The trafficking of illicit goods -including drugs- is an international phenomenon with a devastating impact on social and economic development as well as on public health. The transatlantic axis, which stretches from Latin America via the Caribbean and West Africa to Europe, is a major route for these illicit flows. Orchestrated by transnational criminal groups operating across several continents and often involved in other criminal activities (e.g.: kidnapping, money laundering, etc.), illicit goods trafficking is a source of instability, which undermines governance and endangers post-conflict transition.
The bulk of illicit goods are transported by sea, mostly concealed among legitimate cargo within containers or on cargo vessels, as well as on fishing boats and yachts. Inadequate port controls and general institutional weakness facilitate criminal activity and enable the intersection of illicit flows connecting ports in South America to ports in Africa and Europe that promote criminal networking. This flexibility in transatlantic maritime trafficking is a fundamental reason why it is necessary to target trans-regional maritime trafficking routes between Latin America, the Caribbean, West Africa and Europe in a consistent, coherent and simultaneous manner. In response, as part of the EU’s Global Illicit Flows Programme (GIFP), SEACOP V works with relevant authorities in these regions, in close cooperation with EU agencies fighting transnational crime and ensuring border security.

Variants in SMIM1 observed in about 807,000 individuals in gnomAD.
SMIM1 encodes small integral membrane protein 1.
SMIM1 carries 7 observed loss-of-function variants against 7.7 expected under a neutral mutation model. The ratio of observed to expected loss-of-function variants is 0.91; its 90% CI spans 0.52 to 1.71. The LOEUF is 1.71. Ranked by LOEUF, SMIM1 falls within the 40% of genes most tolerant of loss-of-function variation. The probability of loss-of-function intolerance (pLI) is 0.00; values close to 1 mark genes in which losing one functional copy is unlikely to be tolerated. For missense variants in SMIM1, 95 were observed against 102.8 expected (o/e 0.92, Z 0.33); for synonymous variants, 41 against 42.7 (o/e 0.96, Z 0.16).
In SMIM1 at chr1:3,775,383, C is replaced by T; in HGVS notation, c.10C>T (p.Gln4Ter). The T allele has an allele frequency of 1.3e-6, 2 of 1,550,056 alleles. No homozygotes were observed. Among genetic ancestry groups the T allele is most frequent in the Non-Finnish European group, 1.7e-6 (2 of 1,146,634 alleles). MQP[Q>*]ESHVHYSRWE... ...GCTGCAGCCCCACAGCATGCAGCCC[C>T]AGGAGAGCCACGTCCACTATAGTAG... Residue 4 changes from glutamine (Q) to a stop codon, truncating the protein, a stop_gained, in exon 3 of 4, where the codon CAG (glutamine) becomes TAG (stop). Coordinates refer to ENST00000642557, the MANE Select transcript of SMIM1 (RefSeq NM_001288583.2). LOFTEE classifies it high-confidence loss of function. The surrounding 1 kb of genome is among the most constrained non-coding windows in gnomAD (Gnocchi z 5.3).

On 1 May 2021, the fifth phase of SEACOP was officially launched, under a consortium led by Expertise France in partnership with FIIAPP. Building on the achievements of the four previous phases, SEACOP V has an ambitious vision for its 30 months of implementation, which includes a more comprehensive scope of action, the development of new partnerships with local and regional actors and the integration of several new countries into its target areas.
Under the umbrella of the Global Illicit Flows Programme of the European Union, SEACOP V will work towards three specific objectives:
► To reinforce the effectiveness of the SEACOP maritime intelligence and maritime/riverine control network geographically and technically;
► To sustainably integrate knowledge and knowhow on maritime threats and interdictions emanating from the transatlantic illicit trafficking routes into national and regional curricula;
► To improve cooperation and information sharing at national, regional and transregional level, including with EU home affairs agencies.
SEACOP V is implemented with the support of CIVIPOL (France), Policia Judiciaria (Portugal), United Kingdom Border Force – UKBF (UK), French Customs – DGDDI (France), Directorate of Security and Defense Cooperation – DCSD (France), Maritime Analysis and Operation Centre – Narcotics – MAOC(N), National Crime Agency – NCA (UK) and the European Border and Coast Guard Agency – FRONTEX.